Of the works discussed in this group, Norman O. Brown’s is the most idiosyncratic, but his vigorous interpretation of Freud remains influential. Brown (1913–2002) made two principal contributions to contemporary criticism: Life against Death (1959)and Love’s Body (1966). In Life against Death he offered a radical interpretation of Freud drawing on classical literature, Ralph Waldo Emerson, friedrich nietzsche, and Continental writers of the Freudian Left, especially Wilhelm Reich and Geza Roheim. Brown argued that Freud’s importance lay in his depiction, in Civilization and Its Discontents (1930), of a universal neurosis; that the institution of repression implied the seemingly permanent human subjugation to a life of illusion and sublimation; that repression was evidenced in the fall from the polymorphous perversity of infantile sexuality through oral, anal, and phallic stages to the tyranny of genital organization; that orthodox academic or clinical interpretations of Freud colluded with the forces of repression by emphasizing the necessity to adapt to societal norms that were by definition sick; and that the only chance for some "way out" of this dilemma was to be found in Freud’s metapsychological speculations on Eros and Thanatos, the life and death drives (or libido and Todestrieb).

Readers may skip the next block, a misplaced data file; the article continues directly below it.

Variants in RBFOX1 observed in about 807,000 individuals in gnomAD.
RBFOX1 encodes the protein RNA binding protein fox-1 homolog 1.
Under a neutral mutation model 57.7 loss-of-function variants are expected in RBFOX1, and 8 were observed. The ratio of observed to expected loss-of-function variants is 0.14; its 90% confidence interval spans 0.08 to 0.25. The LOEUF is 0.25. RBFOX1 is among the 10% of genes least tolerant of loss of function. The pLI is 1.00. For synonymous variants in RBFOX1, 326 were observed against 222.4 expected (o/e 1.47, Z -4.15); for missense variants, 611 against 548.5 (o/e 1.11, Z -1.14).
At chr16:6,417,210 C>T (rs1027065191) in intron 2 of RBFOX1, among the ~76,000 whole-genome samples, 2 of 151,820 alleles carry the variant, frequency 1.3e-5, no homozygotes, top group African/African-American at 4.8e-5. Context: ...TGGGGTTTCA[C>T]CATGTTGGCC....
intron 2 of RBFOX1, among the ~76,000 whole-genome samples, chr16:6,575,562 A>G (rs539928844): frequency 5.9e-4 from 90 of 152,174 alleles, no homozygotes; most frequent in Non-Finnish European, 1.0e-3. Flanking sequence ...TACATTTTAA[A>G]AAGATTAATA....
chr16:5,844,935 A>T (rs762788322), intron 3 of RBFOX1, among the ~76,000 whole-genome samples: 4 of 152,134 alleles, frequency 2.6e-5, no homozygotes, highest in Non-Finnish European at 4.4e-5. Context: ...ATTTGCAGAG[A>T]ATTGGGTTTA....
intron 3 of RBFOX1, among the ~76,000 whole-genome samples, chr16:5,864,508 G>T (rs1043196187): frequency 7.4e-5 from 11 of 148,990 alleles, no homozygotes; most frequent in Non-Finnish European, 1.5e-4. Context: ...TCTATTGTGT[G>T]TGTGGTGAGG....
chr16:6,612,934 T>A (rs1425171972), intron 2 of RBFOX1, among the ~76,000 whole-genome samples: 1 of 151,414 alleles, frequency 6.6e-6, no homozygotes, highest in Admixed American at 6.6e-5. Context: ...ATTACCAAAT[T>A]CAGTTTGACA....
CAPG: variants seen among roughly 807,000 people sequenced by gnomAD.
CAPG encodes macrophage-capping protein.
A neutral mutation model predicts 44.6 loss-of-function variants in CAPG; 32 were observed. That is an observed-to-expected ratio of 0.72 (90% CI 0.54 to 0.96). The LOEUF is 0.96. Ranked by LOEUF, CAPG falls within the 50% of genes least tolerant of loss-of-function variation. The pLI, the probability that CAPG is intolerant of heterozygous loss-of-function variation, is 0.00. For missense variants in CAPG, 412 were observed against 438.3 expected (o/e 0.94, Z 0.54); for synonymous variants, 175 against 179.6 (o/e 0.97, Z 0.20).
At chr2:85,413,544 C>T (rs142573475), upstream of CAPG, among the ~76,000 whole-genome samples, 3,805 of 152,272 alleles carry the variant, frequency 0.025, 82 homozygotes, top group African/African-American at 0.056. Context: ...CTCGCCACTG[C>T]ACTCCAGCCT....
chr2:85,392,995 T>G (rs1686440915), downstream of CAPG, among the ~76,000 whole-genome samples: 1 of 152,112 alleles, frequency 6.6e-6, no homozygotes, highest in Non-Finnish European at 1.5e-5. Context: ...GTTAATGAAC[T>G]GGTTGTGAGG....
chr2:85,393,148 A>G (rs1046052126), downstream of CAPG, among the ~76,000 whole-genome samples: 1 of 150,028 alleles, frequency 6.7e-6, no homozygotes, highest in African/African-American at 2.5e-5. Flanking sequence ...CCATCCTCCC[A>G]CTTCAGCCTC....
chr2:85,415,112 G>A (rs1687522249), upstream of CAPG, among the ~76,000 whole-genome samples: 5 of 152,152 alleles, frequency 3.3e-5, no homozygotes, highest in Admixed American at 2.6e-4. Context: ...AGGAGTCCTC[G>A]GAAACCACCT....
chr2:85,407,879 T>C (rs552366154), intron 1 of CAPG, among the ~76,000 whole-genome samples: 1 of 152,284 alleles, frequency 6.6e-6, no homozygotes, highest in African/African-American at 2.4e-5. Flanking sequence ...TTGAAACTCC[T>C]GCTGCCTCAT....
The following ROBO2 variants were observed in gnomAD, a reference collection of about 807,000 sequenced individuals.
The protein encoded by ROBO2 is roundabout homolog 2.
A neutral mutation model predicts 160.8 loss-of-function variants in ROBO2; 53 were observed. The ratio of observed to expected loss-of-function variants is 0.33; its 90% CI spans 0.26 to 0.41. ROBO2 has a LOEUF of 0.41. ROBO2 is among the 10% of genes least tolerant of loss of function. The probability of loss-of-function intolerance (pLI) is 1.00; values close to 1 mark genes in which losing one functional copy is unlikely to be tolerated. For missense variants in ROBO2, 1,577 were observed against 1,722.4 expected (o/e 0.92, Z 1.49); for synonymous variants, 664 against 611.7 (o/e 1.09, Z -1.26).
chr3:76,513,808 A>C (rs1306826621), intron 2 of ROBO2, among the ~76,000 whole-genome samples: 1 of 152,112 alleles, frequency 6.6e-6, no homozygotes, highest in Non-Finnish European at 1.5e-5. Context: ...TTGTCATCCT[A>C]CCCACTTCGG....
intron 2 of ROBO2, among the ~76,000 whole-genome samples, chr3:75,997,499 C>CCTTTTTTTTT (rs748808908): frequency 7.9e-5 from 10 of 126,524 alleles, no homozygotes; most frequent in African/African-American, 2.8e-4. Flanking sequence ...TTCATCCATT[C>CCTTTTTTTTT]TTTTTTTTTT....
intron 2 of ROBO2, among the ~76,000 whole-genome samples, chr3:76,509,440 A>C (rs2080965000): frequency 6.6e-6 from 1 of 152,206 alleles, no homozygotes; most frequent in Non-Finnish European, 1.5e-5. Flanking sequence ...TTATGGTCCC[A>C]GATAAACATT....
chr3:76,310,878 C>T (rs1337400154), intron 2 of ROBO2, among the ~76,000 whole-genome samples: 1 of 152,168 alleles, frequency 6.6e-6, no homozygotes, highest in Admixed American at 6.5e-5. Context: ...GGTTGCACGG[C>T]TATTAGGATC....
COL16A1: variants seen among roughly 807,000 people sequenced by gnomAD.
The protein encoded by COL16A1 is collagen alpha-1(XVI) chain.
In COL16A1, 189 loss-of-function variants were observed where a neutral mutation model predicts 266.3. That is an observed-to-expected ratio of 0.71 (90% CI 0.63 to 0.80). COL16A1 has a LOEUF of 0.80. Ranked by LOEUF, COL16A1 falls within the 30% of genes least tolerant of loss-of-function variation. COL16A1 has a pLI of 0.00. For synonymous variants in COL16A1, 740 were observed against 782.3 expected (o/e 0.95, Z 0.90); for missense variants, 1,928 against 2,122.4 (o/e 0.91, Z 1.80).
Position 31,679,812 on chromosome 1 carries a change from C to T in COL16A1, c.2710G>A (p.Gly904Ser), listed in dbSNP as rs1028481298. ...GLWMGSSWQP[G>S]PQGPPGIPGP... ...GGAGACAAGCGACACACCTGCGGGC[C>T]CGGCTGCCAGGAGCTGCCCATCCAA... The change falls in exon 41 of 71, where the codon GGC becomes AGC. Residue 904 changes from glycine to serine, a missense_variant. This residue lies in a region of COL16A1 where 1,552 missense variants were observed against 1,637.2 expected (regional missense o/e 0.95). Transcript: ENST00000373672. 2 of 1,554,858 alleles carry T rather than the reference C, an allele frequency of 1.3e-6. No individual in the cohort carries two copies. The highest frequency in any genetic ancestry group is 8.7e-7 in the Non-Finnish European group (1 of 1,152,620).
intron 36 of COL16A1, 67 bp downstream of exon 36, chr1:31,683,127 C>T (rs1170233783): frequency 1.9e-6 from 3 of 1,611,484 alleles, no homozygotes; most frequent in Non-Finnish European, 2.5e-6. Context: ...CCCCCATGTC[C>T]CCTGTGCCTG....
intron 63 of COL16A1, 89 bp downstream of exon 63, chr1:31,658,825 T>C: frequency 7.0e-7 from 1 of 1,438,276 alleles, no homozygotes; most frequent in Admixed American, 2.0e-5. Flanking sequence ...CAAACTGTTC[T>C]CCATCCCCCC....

The "way out" that Brown adumbrates is set forth in the last chapter of Life against Death, "The Resurrection of the Body." There he argues that psychoanalysis must situate itself inside the larger tradition of Occidental and Oriental mysticism, which he valorizes in works of Christian gnosticism, Jewish cabalism, Taoism, Jacob Boehme, Blake, Rainer Maria Rilke, and dissident psychoanalytic theorists. Such a reconceptualization will disclose that the dual drives Freud postulated can themselves be subsumed into one unity; Brown interprets Freud’s "oceanic feeling" —from The Future of an Illusion (1928)—to denote a desire for union between self and world that, once recovered, can heal the divisions created by repression. (Brown sees repression itself as equiprimordial with the separation of the infant from the mother; hence, the "resurrection of the body" would imply the restoration of that time "before the fall" into repression. In this way he links his "way out" with Christian eschatology.)
One of the most influential sections of Life against Death has been its fifth part, "Studies in Anality," in which Brown analyzes Protestantism, the scatological poems of Jonathan Swift, and the representation of money in literature. He argues that poetry dramatizes the horror of sublimation and repression. Regarding Protestantism, he holds that the Lutheran equation of the world with the devil, born of the link between money and excrement, anticipates his own indictment of a world given over to the death instinct. He finds support for both theses in the recurrent theme of "filthy lucre" in literature.